There are long faces in Westminster today amongst the Labour left, SNP and Liberal Democrats complaining that parliament was not first consulted. This is not legally necessary. As a courtesy the Prime Minister did brief Keir Starmer and Lindsay Hoyle, speaker of the House of Commons, but there is no codified parliamentary procedure that formally requires the Government to seek approval before taking military action. This is for the perfectly reasonable requirement of operational security: the more involved in a secret, the leakier it becomes. In world wars, military operations are authorised by a small war cabinet. Other nations do the same. The Prime Minister and Cabinet retain the constitutional right to decide when and where to authorise action, although in practice governments in modern times have usually ensured parliamentary debate, and a retrospective one will be scheduled. We now know the PM also consulted President Abdul Fattah al-Sisi of Egypt on 11 January. This was to request permission for Cyprus-based RAF aircraft to overfly Egyptian airspace, the carrot being the removal of a problem causing $15m per day in lost transit fees through the Suez Canal.

Cynics may observe that in an election year, a war may well play well for a beleaguered prime minister. However, there are times to divorce foreign affairs from domestic politics and this is one of them. No doubt alive to the ghost of the 1982 Falklands War, but also of the 1956 Suez debacle, Mr Sunak is fully aware that he will be damned by some if he authorises force, but equally shamed if he fails to act. Mr Biden is in a similar quandary. Both have chosen military action as a signal of deterrence to the Houthis, and any other actors in the region, to desist from harassing international maritime trade.

Others complain there has been no (though one is pending) UN Security Council Resolution to provide legal cover for kinetic coalition action. Although one was passed on 10 January demanding an immediate end to the Houthi attacks, it did not deter, and there remains global concern about the effect they are having on shipping routes. Though China is neutral, if still worried about the implications for its maritime trade, Russia may well use its veto in support of its ally, Iran, who provides the moral force and technical expertise behind Yemeni aggression. Yet, this overnight coalition attack was no shoot-from-the-hip operation. Behind the scenes the UK and US governments will have been working hard to devise an appropriate package of force to deliver a strategic effect. It takes time to put the right personnel, ships, planes and munitions in place, conduct the fullest possible reconnaissance and mount 24-7 surveillance. 

This coalition strike will have inflicted some damage, and caused the Houthi regime to pause before considering its next moves

This coalition strike will have inflicted some damage, and caused the Houthi regime to pause before considering its next moves. The Saudis (who since 2015 led an unsuccessful war against the Houthis) will be nervous that a Houthi/Iranian response may be asymmetric, using sleeper Yemeni operatives to strike Western and Saudi interests within the kingdom itself. Whatever damage has been done was entirely the fault of Houthi intransigence, not international scheming. Predictably Yemen and Iran have claimed otherwise. The attack involved 4 RAF Typhoon FGR4s from No.903 Expeditionary Air Wing based at Akrotiri airbase on Cyprus, supported by Voyager KC3 air tankers, P-8 Poseidon maritime reconnaissance aircraft, probably MQ9 Reaper drones and directed by RC-135W Rivet Joint and Shadow 1 radar-laden planes. Such is the airborne effort required these days to launch precision strikes over the horizon and underlines the value of retaining Akrotiri as an outpost.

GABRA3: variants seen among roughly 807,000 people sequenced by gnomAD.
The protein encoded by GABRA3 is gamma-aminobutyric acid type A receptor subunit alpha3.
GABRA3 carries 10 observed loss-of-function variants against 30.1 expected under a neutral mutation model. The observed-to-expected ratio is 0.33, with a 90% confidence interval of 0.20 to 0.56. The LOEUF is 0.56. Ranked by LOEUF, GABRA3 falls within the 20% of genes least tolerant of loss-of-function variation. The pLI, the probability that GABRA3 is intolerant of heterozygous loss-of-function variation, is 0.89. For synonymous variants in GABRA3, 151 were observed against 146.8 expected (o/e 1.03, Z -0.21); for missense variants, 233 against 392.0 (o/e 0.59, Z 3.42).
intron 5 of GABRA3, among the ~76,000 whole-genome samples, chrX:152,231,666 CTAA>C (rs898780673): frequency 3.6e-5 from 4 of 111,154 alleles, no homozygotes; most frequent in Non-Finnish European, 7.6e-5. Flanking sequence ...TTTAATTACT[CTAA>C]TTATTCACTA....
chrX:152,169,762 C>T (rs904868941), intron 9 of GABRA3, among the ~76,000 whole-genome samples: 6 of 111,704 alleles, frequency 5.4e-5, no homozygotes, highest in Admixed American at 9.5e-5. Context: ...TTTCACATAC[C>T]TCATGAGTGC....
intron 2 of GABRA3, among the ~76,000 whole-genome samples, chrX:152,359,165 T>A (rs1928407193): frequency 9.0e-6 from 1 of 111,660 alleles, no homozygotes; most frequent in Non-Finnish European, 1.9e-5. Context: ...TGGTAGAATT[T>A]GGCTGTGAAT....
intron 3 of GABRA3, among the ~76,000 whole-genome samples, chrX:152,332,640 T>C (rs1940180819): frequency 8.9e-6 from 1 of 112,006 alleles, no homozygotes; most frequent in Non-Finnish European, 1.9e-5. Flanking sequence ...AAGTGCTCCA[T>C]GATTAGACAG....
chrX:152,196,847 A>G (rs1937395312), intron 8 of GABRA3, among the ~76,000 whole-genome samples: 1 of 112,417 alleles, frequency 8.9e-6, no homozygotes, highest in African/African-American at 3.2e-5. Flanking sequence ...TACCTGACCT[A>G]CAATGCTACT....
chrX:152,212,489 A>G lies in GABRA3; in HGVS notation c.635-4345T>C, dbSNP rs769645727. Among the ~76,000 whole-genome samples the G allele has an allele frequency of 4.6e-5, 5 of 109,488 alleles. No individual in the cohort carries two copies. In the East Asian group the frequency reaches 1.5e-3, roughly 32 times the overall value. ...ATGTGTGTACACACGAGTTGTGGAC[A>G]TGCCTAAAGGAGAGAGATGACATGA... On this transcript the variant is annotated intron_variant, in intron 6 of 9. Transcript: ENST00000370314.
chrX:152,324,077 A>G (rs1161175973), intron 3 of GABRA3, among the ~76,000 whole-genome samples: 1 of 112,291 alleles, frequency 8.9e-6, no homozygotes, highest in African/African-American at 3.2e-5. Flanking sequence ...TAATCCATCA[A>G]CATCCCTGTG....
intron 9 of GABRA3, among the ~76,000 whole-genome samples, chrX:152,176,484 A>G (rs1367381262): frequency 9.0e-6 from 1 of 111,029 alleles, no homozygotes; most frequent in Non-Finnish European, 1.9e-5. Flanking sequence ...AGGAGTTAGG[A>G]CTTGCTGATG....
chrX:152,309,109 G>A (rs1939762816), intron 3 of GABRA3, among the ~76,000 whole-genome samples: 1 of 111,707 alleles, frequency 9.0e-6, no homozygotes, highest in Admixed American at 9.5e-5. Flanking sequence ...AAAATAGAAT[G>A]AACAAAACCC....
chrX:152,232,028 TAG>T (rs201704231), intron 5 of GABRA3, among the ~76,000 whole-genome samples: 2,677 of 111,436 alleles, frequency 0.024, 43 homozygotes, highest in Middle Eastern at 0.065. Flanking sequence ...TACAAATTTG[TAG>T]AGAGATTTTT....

The RAF unleashed Paveway IV laser-guided bombs, while FA/A-18 Super Hornet fighters and a Boeing EA-18G Growler electronic warfare aircraft launched from the USS Eisenhower carrier strike group released other precision guided munitions as well as Tomahawk Cruise Missiles fired from the submarine USS Florida. Vessels from the coalition fleet gave support, meaning logistical help in the form of fuel, or close-in defence against hostile aircraft, submarines and missiles. 

It is the hallmark of healthy democracies that so much information has been released so soon about the coalition forces, including overnight photos of the attacking aircraft proceeding on their missions, and illustrates the necessity and efficacy of alliance-building by friendly nations in difficult times. It also illuminates the perils of furthering UK defence cuts and the need for a massive expansion in military expenditure when faced with unanticipated activity across the globe. At the moment there is no need for any of the many Middle East tensions to merge into an unholy mess. However, it is vital that we continue to be prepared to act early and resolutely to prevent any further escalation.